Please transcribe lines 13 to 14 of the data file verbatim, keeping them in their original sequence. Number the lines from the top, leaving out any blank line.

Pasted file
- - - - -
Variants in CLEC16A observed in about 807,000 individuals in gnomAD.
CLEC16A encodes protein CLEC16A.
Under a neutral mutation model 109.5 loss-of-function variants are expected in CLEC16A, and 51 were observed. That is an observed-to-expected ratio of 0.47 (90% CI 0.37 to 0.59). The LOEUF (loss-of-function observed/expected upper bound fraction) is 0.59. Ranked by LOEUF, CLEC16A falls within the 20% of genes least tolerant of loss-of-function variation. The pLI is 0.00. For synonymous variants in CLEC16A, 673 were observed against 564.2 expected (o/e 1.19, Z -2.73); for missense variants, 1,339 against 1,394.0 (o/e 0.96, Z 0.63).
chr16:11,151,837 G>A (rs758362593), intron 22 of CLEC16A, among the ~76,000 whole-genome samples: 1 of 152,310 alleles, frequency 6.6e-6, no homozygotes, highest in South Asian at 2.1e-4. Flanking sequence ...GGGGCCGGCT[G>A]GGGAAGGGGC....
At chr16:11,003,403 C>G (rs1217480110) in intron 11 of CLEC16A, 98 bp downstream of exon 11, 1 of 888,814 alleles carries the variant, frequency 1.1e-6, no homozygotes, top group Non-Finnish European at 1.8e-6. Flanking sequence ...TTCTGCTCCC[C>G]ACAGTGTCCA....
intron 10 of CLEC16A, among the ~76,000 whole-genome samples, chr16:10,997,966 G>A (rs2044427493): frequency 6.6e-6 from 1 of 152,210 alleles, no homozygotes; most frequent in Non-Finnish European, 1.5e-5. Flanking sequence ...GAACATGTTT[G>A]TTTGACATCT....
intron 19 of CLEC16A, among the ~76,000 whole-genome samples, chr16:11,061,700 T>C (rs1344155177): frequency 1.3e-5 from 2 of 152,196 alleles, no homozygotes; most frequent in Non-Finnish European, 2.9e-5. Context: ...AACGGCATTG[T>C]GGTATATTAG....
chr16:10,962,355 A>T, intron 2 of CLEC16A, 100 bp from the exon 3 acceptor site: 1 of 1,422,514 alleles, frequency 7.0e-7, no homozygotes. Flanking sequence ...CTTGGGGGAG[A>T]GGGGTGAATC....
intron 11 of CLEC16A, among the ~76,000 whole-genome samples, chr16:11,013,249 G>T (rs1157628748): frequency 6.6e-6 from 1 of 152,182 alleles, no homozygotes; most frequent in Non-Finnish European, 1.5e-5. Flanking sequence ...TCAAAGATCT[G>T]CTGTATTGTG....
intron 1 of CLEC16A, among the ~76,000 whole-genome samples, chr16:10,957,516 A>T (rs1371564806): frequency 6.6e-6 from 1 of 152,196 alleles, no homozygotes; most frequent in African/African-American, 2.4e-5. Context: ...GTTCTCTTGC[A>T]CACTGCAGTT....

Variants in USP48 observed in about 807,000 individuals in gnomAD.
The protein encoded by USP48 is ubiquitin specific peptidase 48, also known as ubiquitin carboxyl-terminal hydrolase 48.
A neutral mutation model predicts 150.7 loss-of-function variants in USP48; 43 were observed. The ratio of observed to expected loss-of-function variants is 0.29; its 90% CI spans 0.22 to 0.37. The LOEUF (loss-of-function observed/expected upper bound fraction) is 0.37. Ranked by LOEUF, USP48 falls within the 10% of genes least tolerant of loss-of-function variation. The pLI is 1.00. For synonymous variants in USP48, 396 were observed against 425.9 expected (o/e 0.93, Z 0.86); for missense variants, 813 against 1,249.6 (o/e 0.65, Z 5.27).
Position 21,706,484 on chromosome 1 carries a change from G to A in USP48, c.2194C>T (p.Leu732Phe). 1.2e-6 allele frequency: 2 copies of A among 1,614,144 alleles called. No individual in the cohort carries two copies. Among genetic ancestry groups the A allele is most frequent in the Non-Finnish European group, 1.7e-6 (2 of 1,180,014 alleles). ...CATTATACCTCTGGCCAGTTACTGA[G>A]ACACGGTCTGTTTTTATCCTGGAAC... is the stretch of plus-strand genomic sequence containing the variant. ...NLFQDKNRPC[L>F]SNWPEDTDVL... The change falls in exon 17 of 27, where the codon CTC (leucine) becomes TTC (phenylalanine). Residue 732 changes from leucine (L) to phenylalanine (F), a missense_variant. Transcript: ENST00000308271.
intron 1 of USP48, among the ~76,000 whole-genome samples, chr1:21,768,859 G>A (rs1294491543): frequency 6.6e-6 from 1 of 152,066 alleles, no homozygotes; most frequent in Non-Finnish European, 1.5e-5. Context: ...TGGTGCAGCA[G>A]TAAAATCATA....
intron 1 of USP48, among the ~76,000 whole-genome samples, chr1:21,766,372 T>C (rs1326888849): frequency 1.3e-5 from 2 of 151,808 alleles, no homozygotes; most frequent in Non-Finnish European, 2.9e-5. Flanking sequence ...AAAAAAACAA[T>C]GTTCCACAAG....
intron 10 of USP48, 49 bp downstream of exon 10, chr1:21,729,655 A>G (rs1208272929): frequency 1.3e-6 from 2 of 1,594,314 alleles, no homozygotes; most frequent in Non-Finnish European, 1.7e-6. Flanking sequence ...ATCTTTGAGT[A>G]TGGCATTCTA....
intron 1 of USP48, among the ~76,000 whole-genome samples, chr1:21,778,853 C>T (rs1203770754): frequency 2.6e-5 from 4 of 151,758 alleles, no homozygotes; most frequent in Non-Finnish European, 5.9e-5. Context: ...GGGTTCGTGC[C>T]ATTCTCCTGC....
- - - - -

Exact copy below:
A neutral mutation model predicts 150.7 loss-of-function variants in USP48; 43 were observed. The ratio of observed to expected loss-of-function variants is 0.29; its 90% CI spans 0.22 to 0.37. The LOEUF (loss-of-function observed/expected upper bound fraction) is 0.37. Ranked by LOEUF, USP48 falls within the 10% of genes least tolerant of loss-of-function variation. The pLI is 1.00. For synonymous variants in USP48, 396 were observed against 425.9 expected (o/e 0.93, Z 0.86); for missense variants, 813 against 1,249.6 (o/e 0.65, Z 5.27).
Position 21,706,484 on chromosome 1 carries a change from G to A in USP48, c.2194C>T (p.Leu732Phe). 1.2e-6 allele frequency: 2 copies of A among 1,614,144 alleles called. No individual in the cohort carries two copies. Among genetic ancestry groups the A allele is most frequent in the Non-Finnish European group, 1.7e-6 (2 of 1,180,014 alleles). ...CATTATACCTCTGGCCAGTTACTGA[G>A]ACACGGTCTGTTTTTATCCTGGAAC... is the stretch of plus-strand genomic sequence containing the variant. ...NLFQDKNRPC[L>F]SNWPEDTDVL... The change falls in exon 17 of 27, where the codon CTC (leucine) becomes TTC (phenylalanine). Residue 732 changes from leucine (L) to phenylalanine (F), a missense_variant. Transcript: ENST00000308271.